This was good, I believed. We would lose ourselves in the opera; it would help us. We could pretend we were weeping over the unfortunates whose fate as set forth in Puccini's music was renowned all over the world.

I had longed to see Pavarotti in Boheme. I thought that so many tourists swarmed Verona to see the opera that it would be impossible.

But as we dressed, and set out for the Arena di Verona a half mile away to stand in line, Pepe disclosed that he had come by three tickets high up in the stands.

So it was that on our last night together, we sat rapt together as dusk fell over the Arena. Candle vendors came by: “Ecco i candelini,” they called. We bought little candles stuck in thin paper to light at nightfall, as was the custom.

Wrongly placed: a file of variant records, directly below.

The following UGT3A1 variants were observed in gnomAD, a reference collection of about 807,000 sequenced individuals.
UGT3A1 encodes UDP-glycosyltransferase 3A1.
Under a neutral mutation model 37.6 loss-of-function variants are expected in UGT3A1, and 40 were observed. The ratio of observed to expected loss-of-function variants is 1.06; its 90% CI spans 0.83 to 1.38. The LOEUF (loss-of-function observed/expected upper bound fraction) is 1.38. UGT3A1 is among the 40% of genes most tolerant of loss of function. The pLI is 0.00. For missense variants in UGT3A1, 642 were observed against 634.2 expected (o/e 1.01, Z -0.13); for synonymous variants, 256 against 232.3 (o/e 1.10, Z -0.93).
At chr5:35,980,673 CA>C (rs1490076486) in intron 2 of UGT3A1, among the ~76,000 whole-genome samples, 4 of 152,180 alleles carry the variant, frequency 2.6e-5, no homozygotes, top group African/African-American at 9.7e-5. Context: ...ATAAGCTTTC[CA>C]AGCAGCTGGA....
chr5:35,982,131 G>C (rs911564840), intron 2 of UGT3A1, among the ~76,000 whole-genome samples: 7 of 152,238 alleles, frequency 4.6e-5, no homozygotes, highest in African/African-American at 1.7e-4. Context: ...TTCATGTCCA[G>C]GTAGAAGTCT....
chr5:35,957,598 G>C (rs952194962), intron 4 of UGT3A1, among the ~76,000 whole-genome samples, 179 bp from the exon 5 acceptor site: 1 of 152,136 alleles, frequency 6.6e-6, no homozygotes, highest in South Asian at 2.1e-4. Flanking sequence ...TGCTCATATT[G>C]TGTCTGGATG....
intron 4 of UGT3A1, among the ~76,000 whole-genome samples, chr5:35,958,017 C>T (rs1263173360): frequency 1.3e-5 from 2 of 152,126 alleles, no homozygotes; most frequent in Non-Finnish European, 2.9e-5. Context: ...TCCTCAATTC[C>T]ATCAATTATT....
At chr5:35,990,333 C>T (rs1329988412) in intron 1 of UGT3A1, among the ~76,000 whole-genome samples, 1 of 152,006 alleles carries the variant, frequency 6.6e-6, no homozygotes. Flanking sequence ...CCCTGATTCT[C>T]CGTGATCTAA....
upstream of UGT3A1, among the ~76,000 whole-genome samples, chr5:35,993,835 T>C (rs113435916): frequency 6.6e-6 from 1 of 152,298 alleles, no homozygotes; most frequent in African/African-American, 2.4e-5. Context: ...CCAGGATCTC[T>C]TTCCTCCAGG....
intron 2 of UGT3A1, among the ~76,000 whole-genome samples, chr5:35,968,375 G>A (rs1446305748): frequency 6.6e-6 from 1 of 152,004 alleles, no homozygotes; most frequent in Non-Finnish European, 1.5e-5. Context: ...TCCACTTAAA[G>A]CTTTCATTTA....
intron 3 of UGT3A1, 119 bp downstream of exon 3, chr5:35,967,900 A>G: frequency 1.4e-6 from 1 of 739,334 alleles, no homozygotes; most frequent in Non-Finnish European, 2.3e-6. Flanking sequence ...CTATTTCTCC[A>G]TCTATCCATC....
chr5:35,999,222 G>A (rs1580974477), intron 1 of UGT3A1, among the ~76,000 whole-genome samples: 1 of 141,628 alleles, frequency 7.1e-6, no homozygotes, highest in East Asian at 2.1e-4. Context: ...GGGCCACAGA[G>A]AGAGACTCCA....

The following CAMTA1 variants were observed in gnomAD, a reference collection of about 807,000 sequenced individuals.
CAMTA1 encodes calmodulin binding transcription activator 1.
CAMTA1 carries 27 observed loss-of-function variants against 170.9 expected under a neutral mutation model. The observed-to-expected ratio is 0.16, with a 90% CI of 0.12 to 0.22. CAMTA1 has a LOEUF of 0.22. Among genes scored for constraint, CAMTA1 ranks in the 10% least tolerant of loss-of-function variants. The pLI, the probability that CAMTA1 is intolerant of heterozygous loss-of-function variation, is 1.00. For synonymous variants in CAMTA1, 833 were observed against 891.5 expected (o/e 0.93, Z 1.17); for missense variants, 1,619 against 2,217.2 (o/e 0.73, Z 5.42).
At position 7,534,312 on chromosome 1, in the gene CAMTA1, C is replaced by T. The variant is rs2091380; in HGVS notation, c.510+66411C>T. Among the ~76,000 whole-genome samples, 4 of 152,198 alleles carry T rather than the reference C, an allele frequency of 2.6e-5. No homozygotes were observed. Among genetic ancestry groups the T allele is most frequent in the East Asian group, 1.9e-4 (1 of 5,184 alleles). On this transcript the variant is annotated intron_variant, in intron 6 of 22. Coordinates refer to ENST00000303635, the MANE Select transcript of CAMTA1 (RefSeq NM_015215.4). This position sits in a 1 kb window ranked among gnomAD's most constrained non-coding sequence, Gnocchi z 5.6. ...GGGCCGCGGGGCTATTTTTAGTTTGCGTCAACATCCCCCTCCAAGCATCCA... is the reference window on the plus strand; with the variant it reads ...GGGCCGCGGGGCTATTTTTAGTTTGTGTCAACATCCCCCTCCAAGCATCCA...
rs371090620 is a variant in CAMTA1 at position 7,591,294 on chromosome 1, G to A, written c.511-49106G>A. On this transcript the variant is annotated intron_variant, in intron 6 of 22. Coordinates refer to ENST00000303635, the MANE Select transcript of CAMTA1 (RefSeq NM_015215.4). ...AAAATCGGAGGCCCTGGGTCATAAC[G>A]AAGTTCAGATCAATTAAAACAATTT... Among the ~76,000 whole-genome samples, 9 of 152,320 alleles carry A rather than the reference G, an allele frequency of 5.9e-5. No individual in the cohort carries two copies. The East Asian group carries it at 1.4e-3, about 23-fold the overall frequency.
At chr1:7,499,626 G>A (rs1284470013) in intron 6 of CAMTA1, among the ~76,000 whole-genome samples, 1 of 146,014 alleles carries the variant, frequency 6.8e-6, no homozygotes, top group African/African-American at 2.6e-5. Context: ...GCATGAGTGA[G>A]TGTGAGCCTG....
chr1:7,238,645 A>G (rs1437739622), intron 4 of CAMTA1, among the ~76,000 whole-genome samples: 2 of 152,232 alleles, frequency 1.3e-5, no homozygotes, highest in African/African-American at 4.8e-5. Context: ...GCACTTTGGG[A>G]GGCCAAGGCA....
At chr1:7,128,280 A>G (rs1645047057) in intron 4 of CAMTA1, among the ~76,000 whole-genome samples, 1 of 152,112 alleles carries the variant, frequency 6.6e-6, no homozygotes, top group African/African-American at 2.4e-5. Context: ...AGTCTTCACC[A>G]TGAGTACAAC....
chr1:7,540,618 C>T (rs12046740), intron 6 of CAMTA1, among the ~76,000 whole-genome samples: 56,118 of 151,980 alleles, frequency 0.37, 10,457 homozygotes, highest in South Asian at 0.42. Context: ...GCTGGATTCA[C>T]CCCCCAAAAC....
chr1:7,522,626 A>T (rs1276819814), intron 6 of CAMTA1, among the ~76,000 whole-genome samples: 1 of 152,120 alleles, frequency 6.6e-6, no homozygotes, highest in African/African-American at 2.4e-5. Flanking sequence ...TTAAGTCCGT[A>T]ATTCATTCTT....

We bought another pair of cheap opera glasses.

Then it was the cushion vendor's turn.

“Ecco i cushioni,” – here are the cushions-- a thin voice called. The vast audience from all over the world reached for the paper-stuffed cushions that would make sitting on the steep marble steps of the Arena more tolerable.

A ripple of excitement passed through the crowd.

“Look,” Julia said, handing me the opera glasses. “The King and Queen of England.”

It was true; Prince Philip and Queen Elizabeth processed toward box seats near the stage.

Another ripple and then an uproar: Italy's prima ballerina, Carla Fracci, had come in, turning to wave in a long strapless white gown. She was to dance in Prokofiev's Cenenterola – Cindarella-- in two weeks.

The maestro appeared in the orchestra pit and bowed to the crowd; it was nearly dark. Suddenly the Arena was ablaze with thousands of hand-held stars.